The calling of a ‘snap’ general election by Theresa May on the 18th of April surprised pundits, politicians, the markets and the people alike. This political risk has caused May to lose her majority in parliament with calls for her resignation arising from those both outside and within her party. At the time of calling the general election the Conservatives standing in the polls was strong (but ironically not stable). With the Conservatives around 20 points clear of Labour, May’s claims that divisions in Westminster might hamper her ability to negotiate were the driving force behind her decision to call an election, to strengthen her negotiating hand with Europe.
This was to be the ‘Brexit Election’, the fundamental factor which would drive the British bargaining position and the key to success at the negotiation table. Jeremy Corbyn was branded weak and ill-equipped to be handed the reins of government and this salient argument was capitalised upon heavily by the Conservatives. Following the May 4th Local Election results, and humiliating Labour losses, the polls saw the Conservatives gain significant ground.
The Turning Point
The turning point in this historic election was the launch of both the Labour and Conservative manifestos. No longer was Brexit at the forefront of the political debate with domestic policies taking centre stage. Theresa May instantly came under significant scrutiny for her support of the colloquially named ‘dementia tax’, whilst Corbyn saw great success in promising billions of pounds towards the NHS, social care and providing free higher education. A failure to appear at the election debates, and criticism surrounding May’s decision to cut police numbers, following the Manchester and London terror attacks, was especially damning to the Conservative narrative of ‘strong and stable’ leadership.
As it stands, the Conservatives have lost their overall majority and will likely have to rely on the Northern Irish Democratic Unionist Party (DUP) for their support in establishing, and maintaining, a government.
What went wrong?
The key behind Theresa May’s fiasco of an election campaign was a failure to consistently draw attention to the Brexit negotiations and their ultimate result. Despite ferocious attacks on Jeremy Corbyn, Brexit was not the key issue in this election campaign, leaving the British public wanting more.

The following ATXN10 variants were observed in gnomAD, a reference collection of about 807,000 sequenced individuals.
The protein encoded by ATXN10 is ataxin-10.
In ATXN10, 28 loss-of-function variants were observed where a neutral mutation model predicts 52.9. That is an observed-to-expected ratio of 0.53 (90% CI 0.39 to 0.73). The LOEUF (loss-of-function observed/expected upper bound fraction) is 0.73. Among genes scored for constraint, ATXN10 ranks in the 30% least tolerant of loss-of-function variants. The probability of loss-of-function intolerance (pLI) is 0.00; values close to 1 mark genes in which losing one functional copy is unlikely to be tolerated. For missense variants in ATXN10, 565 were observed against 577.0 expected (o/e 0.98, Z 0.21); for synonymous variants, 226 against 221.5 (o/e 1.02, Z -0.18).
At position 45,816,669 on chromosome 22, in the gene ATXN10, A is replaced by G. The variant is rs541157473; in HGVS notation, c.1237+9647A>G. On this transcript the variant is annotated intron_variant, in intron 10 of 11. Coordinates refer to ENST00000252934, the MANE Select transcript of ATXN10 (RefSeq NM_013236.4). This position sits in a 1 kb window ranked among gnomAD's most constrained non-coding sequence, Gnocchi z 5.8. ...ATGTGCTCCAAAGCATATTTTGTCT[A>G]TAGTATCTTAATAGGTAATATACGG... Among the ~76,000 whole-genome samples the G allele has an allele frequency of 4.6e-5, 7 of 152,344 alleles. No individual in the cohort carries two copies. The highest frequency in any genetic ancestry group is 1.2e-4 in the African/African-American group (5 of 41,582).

Theresa May completely underestimated the ability of Jeremy Corbyn as a leader and campaigner. Corbyn is a veteran of political activism; a man whose whole life has been dedicated to pushing for social change and holding the government to account regardless of party affiliation. Corbyn, through rallies, demonstrations, public appearances and media engagement, could promote his agenda and strike a chord with the key electorate. Despite picking from ‘the magic money tree’, a significant proportion of the British public rendered the Conservative counterarguments of economic disaster as mute to the demands for social change and improvement of their overall living standards.
The success of Labour can be significantly attributed towards the party’s engagement with the young electorate. Turnout for 18-24 year olds, according to the National Union of Students, was as high as 72% in some areas, jumping up 20% from 2015 election. Despite Jeremy Corbyn (68) being some eight years older than Theresa May (60) he was able to communicate a message that a vote for Labour would be a vote for their future.
Although Labour did not win enough support to form a government, they certainly won enough to deny the Conservatives any easy victories.
A Conservative Leadership Crisis
Simply put, the 2017 General Election was a humiliating defeat for Theresa May. An election which was to strengthen May’s hand at the negotiating table only weakened it, eliminating the prospect of a ‘strong and stable’ government.
The calling of an election at this pivotal time in British history was a political risk that was innately personalised towards Theresa May. As an unelected leader, May decided to call the election to strengthen ‘her’ hand and ‘her’ bargaining position in future Brexit negotiations. Consistently, however, Theresa May proved unable to illustrate her ability to lead a ‘strong and stable’ government. Perceived as weak when failing to engage in direct political debate (and unstable when bowing to small pressure groups on Brexit), May did not live up to the promises made. To top it off, May’s personality and background produced a perception of detachment with the general public, and especially the young electorate.
The final results evoked immediate criticism from opposition parties who highlighted May’s inability to maintain a majority as proof of both a lack of public support and a mandate to govern. On the night of the election, as Corbyn called for May’s resignation, the broader Conservative party was seemingly unable to shore up support for their leader. By June 10th, just two days after the election, 2/3 of Tory members were calling for May’s resignation, with two of her key aides, Fiona Hill and Nick Timothy, leaving Downing Street and the PM with few options to manoeuvre. A leadership challenge might emerge sooner rather than later.
The calling of the June 8th election by Theresa May was a political risk which ultimately resulted in a humiliating disaster. Theresa May failed to win the election as a result of a shift in the political debate away from her position at the Brexit negotiations towards the domestic agenda and ultimately the leadership of the main parties. Now, in an untenable position, Theresa May aims to form a government with the help of the DUP, leaving her with a possible majority of just two MPs. Minority governments and coalitions are especially hard to maintain. While the question of whether Theresa May can successfully hold on to her position as leader of her party is complicated, it currently seems more unlikely than not.